Elton John has announced that his last ever UK show will take place at next year’s Glastonbury festival.
In the event’s first act to be revealed, John will perform on the Pyramid Stage on Sunday 25 June, closing out the main stage with only his second-ever appearance at a UK festival.
The announcement arrives soon after John played his final US show at Los Angeles’ Dodger Stadium last month, a fittingly grand affair that featured appearances from Dua Lipa, Kiki Dee and Brandi Carlile and was livestreamed on Disney+.
“I couldn’t be more excited to be headlining the Pyramid stage. As the end of my Farewell Yellow Brick Road tour comes into view, there is no more fitting way to say goodbye to my British fans,” John said in a statement. “They have been beyond brilliant, and have supported me through all the highs and lows of my career … I can’t wait to embrace the spirit of the greatest festival in the world.”
Glastonbury co-organiser Emily Eavis added: “We will be closing the festival and marking this huge moment in both of our histories with the mother of all send offs. We are so very happy to finally bring the Rocket Man to Worthy Farm.”
While Glastonbury will supposedly mark John’s final UK show, it won’t be his final show overall – the singer-songwriter’s Farewell Yellow Brick Road tour, which began in 2018, will continue through Europe until July 2023. A show previously booked for Paris’s Accor Arena on 25 June will now take place on 21 June.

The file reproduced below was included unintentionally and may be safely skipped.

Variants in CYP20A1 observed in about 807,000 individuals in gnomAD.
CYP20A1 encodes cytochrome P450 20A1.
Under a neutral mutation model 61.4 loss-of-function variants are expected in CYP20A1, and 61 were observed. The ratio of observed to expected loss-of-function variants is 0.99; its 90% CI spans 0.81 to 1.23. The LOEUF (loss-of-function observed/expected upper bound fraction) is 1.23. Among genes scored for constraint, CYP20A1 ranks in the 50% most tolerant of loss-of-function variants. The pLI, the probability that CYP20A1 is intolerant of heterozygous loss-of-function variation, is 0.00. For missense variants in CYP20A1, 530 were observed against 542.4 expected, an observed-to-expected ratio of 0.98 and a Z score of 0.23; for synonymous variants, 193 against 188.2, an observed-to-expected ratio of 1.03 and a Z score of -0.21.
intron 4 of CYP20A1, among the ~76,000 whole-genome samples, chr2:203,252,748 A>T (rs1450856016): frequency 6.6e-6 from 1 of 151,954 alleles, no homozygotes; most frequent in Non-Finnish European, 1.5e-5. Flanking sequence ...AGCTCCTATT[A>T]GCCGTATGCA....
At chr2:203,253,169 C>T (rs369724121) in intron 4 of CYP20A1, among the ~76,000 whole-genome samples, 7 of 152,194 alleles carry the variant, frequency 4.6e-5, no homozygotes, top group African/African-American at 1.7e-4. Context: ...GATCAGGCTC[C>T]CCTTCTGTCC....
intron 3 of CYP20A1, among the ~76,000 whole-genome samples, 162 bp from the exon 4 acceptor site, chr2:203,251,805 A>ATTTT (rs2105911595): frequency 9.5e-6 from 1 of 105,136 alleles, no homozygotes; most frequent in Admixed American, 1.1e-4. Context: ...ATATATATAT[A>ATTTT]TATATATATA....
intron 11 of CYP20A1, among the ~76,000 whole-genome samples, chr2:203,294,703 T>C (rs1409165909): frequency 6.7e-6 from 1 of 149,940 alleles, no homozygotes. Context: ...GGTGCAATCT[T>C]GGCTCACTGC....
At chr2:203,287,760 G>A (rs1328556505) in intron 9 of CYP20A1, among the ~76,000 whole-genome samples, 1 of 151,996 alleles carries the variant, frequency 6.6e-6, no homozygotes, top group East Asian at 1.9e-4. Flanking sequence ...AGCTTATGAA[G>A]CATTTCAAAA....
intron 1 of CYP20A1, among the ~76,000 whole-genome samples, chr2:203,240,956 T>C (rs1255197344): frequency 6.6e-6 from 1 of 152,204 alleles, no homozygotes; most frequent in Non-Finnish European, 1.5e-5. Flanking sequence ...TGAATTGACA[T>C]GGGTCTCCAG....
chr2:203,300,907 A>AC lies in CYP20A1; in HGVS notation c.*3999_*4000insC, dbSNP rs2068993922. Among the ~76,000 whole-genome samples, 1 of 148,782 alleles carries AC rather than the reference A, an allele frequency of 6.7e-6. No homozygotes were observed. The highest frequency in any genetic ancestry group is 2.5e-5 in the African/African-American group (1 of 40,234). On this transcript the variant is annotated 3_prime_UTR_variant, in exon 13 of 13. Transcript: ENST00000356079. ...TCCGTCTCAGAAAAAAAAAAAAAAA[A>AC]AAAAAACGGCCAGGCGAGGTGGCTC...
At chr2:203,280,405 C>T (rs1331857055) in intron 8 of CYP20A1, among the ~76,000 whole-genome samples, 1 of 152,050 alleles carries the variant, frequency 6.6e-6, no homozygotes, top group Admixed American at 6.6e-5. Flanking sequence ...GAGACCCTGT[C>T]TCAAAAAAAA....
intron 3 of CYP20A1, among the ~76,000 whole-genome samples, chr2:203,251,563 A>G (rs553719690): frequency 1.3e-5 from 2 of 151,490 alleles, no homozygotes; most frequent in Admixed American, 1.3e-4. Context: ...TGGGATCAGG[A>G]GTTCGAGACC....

John’s Sunday night booking conclusively debunks rumours that Taylor Swift, set to make her return to the stage with her Eras tour in 2023, will be rescheduling her planned 2020 headline slot for next year. As it stands, Swift’s tour dates do not allow for her to play Glastonbury on any night other than 25 June.
Glastonbury 2023 will run from Wednesday 21 June to Sunday 25 June. The price for tickets to the event, which sold out within an hour when they went on sale in early November, was £335 plus booking fee, up from 2019’s £265 plus booking fee.
Addressing festivalgoers on Twitter, Eavis said that “enormous rises in the costs of running this vast show” were responsible for the price hike, as well as “the huge financial impact of two years without a festival because of Covid”.